High Housing Prices in China
China's housing prices has experienced an unprecedented boom in recent decades. Statistics show that the house-price index in China, a measure to examine the price of residential housing, has increased constantly from 100 in 1980 to 693.7 in 2015. Compared with America, Japan and South Korea whose house-price indexes are all under 200 in 2015, this index in China are unreasonably high (The Economist, 2015). This means that the Chinese have a low level of housing affordability, which will detrimentally affect China's social and economic sustainability. Therefore, several strategies should be set to solve this issue. This report will illustrate the negative impacts caused by high housing prices, explore the causes and suggest some possible solutions.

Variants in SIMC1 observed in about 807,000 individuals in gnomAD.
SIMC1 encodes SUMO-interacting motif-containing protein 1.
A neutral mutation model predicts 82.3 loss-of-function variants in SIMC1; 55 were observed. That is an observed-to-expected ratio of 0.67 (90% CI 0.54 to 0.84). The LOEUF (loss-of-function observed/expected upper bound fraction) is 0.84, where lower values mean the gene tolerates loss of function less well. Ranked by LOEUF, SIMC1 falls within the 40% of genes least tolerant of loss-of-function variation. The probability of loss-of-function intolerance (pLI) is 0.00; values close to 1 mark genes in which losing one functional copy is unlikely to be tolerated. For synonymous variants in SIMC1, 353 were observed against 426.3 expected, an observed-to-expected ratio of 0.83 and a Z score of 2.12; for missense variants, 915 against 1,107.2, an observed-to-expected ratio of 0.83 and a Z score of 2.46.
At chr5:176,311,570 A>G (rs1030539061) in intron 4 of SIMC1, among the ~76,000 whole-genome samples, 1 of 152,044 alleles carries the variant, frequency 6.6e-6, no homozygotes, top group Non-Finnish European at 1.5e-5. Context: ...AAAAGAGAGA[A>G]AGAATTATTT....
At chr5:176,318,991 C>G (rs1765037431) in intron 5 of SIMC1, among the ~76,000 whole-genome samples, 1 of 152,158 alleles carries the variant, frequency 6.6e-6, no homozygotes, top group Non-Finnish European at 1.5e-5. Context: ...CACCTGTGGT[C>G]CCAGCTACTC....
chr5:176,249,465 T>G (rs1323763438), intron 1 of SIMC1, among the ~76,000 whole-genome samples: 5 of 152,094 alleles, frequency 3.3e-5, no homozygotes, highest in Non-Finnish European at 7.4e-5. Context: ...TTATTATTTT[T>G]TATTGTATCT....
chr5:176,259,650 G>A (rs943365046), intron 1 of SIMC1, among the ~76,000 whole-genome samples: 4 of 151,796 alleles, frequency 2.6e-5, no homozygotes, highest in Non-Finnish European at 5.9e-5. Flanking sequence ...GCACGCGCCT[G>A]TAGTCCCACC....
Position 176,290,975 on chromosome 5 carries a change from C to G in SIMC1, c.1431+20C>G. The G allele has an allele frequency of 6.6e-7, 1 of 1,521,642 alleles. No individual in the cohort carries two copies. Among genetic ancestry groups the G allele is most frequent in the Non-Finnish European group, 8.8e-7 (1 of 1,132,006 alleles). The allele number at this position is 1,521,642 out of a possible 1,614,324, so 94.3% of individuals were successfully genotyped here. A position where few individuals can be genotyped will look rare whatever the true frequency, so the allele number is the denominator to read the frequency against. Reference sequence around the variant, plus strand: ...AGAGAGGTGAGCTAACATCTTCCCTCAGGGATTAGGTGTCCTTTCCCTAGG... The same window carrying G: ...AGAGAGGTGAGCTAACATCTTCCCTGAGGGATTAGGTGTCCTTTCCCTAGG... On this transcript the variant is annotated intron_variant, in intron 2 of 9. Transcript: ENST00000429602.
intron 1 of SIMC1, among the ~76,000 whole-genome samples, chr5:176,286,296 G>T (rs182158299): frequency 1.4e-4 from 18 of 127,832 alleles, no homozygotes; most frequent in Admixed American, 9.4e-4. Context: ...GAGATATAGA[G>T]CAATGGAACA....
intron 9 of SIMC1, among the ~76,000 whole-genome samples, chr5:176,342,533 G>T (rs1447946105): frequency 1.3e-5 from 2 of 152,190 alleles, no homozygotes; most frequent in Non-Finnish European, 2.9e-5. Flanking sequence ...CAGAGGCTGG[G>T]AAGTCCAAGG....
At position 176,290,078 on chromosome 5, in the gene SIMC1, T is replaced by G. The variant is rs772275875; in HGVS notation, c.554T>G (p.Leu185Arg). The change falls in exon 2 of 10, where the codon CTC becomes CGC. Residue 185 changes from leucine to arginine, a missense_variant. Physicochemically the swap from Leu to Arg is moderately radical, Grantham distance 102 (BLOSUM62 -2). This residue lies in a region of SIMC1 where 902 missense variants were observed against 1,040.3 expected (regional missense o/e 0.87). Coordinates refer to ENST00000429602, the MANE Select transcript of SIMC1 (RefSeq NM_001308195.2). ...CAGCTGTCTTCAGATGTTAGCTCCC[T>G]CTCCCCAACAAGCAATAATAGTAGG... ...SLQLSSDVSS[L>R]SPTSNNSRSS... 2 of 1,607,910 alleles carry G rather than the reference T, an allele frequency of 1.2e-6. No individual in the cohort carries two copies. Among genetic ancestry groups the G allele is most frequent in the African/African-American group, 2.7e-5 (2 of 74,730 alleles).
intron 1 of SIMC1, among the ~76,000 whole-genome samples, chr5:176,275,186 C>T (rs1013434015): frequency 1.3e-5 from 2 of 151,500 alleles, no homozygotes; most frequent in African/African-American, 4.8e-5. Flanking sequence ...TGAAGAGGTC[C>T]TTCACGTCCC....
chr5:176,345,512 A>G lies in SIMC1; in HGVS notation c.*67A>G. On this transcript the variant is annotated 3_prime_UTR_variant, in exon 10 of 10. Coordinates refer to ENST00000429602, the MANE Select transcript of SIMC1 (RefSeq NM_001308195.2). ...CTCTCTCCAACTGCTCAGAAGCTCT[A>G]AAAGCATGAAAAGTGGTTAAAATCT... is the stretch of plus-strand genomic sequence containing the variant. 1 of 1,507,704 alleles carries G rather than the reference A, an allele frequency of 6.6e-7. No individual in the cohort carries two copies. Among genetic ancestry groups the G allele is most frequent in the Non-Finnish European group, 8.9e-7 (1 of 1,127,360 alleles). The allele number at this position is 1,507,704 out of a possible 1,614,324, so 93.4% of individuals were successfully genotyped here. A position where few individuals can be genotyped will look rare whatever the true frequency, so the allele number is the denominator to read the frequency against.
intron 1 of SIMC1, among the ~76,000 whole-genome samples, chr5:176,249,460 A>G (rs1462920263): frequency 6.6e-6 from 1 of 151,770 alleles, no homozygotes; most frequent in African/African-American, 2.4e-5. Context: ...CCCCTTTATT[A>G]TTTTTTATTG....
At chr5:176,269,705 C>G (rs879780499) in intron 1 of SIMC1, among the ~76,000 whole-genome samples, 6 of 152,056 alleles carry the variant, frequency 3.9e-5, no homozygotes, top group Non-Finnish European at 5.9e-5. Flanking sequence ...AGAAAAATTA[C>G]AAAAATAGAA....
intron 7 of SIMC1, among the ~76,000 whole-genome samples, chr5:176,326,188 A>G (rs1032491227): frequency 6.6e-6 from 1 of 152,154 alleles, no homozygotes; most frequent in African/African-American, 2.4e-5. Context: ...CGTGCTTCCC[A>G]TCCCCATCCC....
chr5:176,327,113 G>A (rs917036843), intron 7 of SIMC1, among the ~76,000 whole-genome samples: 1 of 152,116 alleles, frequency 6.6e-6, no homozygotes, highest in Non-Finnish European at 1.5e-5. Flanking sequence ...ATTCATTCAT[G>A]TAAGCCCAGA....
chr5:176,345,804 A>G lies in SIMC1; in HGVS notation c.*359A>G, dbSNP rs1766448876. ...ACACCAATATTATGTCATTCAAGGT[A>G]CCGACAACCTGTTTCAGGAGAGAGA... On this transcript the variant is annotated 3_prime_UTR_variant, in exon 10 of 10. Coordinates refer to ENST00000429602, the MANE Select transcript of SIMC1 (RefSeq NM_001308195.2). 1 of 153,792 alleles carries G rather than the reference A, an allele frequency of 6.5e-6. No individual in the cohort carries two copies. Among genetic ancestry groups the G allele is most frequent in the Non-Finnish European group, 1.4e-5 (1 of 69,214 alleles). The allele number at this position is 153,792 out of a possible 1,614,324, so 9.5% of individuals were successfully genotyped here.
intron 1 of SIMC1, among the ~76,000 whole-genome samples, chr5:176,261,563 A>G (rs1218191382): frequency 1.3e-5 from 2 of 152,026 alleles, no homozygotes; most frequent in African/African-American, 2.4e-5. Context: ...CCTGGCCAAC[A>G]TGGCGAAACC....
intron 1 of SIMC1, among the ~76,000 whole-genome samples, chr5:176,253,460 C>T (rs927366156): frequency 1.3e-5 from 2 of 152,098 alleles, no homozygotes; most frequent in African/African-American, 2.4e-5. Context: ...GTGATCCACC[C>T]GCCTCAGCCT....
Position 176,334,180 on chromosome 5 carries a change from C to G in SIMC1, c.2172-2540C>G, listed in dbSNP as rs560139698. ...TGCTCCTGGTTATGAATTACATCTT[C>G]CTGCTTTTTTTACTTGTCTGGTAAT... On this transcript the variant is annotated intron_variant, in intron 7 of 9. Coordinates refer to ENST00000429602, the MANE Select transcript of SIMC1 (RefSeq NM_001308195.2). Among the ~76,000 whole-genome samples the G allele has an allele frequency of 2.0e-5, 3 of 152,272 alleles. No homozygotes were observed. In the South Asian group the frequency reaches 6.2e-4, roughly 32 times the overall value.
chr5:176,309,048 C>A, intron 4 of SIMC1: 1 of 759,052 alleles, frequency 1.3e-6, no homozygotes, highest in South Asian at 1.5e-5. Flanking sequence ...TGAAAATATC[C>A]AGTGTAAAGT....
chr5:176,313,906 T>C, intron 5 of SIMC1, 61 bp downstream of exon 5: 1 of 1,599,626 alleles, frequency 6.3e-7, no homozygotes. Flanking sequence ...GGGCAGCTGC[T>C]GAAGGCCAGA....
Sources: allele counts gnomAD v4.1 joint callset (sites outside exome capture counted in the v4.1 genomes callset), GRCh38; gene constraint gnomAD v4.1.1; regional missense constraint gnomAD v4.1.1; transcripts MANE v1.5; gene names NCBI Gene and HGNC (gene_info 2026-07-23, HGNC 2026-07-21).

The issue of high housing prices in China has profoundly negative impacts on both social and economic sustainability.
In terms of social impacts, it has led to a situation where most of young people cannot afford those houses of high prices, especially in the metropolis. As a house serves as a prerequisite for marriage in China, this probably is resulting in an intensified marriage market competition and the delayed marriage (Li and Wu, 2013). In more detail, the data cited by Li and Wu (2013) shows that 60% of the young in Beijing buy their houses for marriage. Therefore, the high housing prices have delayed the marriage age and then led to the late childbirth. In the long term, these are likely to create an increasing ageing gap and contribute to an ageing society.
Moreover, as well as these ageing problems, the soaring housing price can affect social stability in terms of inequality of housing wealth which may lead to the expansion of private property (Shi, Sato and Siculor, 2013) and increase the gap between the rich and the poor. This is because more profits could be earned from housing investment, while some would possibly undergo a loan to buy their houses....